Subsidence and human influences in mega deltas: The case of the Ganges–Brahmaputra–Meghna
|Title||Subsidence and human influences in mega deltas: The case of the Ganges–Brahmaputra–Meghna|
|Publication Type||Journal Article|
|Year of Publication||2015|
|Authors||Brown, S, Nicholls, RJ|
|Journal||Science of the Total Environment|
|Type of Article||Open Access|
|Keywords||Development, Human influence, Measurement methods, Relative sea-level rise, Subsidence; Ganges–Brahmaputra–Meghna|
Relative sea/land level changes are fundamental to people living in deltas. Net subsidence is complex and attributed to tectonics, compaction, sedimentation and anthropogenic causes. It can have severe impacts and needs to be quantified and where possible (for subsidence due to anthropogenic causes) avoided. For the highly populated Ganges–Brahmaputra–Meghna delta, a large range of net subsidence rates are described in the literature, yet the reasons behind this wide range of values are poorly understood. This paper documents and analyses rates of subsidence (for publications until 2014) and relates these findings to human influences (development).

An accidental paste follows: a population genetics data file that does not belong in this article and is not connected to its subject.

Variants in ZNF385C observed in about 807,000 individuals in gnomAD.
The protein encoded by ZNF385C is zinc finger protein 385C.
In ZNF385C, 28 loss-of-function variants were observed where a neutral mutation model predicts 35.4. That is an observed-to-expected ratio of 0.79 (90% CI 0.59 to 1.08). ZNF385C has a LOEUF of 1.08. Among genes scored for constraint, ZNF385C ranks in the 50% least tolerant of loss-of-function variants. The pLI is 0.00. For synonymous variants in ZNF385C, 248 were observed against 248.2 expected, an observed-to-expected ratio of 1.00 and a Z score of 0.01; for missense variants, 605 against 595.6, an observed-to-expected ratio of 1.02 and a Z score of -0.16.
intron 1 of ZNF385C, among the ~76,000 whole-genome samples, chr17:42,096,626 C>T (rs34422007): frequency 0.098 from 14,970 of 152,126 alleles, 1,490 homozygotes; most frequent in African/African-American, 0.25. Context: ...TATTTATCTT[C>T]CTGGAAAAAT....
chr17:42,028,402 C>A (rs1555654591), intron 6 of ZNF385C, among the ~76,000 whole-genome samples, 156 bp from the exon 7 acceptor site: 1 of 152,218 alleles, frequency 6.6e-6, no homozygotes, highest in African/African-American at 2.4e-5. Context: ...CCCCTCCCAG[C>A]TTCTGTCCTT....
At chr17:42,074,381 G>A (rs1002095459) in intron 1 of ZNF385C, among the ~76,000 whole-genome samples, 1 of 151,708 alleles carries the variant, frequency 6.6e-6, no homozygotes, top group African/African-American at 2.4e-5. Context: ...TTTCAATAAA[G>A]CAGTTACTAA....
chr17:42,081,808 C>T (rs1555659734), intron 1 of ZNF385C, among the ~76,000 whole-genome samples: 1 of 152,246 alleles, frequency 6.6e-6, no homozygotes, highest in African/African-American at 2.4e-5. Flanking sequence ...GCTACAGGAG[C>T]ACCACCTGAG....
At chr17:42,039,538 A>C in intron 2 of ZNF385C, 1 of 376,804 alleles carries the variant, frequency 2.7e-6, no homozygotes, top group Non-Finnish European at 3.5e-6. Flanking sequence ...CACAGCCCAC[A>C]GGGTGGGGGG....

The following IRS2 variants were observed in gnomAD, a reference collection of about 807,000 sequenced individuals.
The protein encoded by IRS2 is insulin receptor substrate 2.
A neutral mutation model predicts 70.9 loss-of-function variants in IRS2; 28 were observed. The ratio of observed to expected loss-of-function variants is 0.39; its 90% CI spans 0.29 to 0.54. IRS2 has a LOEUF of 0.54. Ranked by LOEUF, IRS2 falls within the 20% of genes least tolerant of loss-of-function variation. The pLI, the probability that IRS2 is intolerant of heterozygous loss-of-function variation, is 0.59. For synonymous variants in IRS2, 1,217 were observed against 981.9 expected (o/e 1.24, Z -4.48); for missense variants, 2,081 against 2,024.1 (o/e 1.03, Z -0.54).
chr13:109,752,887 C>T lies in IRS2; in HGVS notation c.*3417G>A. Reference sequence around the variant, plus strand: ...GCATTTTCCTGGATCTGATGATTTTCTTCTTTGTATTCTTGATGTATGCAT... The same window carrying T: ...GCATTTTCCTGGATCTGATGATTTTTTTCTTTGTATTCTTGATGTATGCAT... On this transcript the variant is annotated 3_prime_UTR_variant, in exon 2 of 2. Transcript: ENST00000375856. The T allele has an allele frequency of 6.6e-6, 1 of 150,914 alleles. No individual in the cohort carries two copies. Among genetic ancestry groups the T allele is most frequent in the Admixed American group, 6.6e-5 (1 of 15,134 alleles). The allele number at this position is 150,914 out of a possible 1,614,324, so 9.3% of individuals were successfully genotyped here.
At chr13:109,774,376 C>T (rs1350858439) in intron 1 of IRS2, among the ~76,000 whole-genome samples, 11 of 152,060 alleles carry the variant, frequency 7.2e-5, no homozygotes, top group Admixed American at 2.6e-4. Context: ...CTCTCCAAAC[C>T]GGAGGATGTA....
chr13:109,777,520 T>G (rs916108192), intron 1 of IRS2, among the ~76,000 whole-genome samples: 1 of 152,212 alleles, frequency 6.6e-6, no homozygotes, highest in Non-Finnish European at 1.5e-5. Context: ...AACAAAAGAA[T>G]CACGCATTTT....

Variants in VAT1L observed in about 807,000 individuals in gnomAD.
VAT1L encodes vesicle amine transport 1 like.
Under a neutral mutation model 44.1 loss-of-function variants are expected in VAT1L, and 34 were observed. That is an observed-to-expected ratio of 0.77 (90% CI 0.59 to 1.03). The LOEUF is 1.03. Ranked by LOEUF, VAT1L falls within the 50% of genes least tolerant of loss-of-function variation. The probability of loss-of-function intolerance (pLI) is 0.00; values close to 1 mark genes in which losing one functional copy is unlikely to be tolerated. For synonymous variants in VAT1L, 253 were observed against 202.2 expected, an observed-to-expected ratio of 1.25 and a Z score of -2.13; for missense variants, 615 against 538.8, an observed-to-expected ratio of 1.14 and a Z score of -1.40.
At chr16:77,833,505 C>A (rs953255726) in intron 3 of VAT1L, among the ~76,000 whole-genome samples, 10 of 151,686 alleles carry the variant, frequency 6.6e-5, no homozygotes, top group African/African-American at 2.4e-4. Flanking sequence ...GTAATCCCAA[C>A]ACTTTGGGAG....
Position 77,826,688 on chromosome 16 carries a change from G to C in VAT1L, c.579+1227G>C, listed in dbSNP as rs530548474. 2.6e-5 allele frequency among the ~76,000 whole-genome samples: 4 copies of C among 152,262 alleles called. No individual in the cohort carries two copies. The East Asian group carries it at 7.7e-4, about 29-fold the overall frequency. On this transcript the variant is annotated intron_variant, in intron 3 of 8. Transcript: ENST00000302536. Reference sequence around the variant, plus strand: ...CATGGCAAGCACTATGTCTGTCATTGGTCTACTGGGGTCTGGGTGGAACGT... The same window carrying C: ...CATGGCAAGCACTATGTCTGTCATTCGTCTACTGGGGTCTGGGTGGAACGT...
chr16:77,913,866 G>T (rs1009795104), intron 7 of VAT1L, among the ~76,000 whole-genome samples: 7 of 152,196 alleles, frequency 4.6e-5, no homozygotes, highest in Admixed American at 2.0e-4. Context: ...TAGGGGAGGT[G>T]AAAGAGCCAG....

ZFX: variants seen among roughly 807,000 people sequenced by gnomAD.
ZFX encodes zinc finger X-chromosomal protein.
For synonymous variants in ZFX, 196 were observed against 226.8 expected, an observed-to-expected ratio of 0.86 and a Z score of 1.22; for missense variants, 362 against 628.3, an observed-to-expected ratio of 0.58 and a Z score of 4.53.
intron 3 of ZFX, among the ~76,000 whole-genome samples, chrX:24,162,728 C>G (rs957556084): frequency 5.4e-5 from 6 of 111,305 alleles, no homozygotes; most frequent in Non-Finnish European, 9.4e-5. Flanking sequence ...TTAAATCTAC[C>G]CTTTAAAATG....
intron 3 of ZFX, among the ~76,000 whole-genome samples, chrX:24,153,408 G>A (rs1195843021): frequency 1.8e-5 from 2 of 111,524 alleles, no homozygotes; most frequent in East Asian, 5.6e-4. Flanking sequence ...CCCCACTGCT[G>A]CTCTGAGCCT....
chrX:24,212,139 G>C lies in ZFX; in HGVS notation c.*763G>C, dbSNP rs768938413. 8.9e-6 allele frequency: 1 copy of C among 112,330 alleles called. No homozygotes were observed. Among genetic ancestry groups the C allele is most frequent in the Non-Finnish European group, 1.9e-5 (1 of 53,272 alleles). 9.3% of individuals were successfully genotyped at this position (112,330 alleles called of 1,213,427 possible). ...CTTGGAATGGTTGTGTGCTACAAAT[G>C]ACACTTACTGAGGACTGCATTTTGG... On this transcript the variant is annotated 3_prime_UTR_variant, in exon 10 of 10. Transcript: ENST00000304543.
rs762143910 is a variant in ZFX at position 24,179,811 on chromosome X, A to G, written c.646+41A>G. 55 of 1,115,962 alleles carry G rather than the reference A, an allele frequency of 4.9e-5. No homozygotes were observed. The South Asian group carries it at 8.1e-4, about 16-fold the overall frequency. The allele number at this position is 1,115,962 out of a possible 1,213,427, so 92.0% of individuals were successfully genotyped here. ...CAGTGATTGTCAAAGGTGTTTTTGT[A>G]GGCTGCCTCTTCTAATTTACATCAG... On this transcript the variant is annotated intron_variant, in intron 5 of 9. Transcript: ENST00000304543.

205 point measurements of net subsidence were found, reported in 24 studies. Reported measurements were often repetitive in multiple journals, with some lacking detail as to precise location, cause and method, questioning reliability of the rate of subsidence. Rates differed by locality, methodology and period of measurement. Ten different measurement methods were recorded, with radio-carbon dating being the most common. Temporal and spatially, rates varied between − 1.1 mm/yr (i.e. uplift) and 43.8 mm/yr. The overall mean reported rate was 5.6 mm/yr, and the overall median 2.9 mm/yr, with 7.3 mm/yr representing one standard deviation. These rates were reduced if inaccurate or vague records were omitted. The highest rates were recorded in the Sylhet Plateau, Dhaka and Kolkata. Highest rates were recorded in the last 1000 years, where the mean increased to 8.8 mm/yr and a standard deviation of 7.5 mm/yr. This could be partly due to shorter-term measurement records, or anthropogenic influence as multiple high rates are often found in urban settings. Continued development may cause rates to locally increase (e.g. due to groundwater abstraction and/or drainage). Improved monitoring is required over a wider area, to determine long-term trends, particularly as short-term records are highly variable. Focus in regions where wide spread development is occurring or is expected would be advantageous.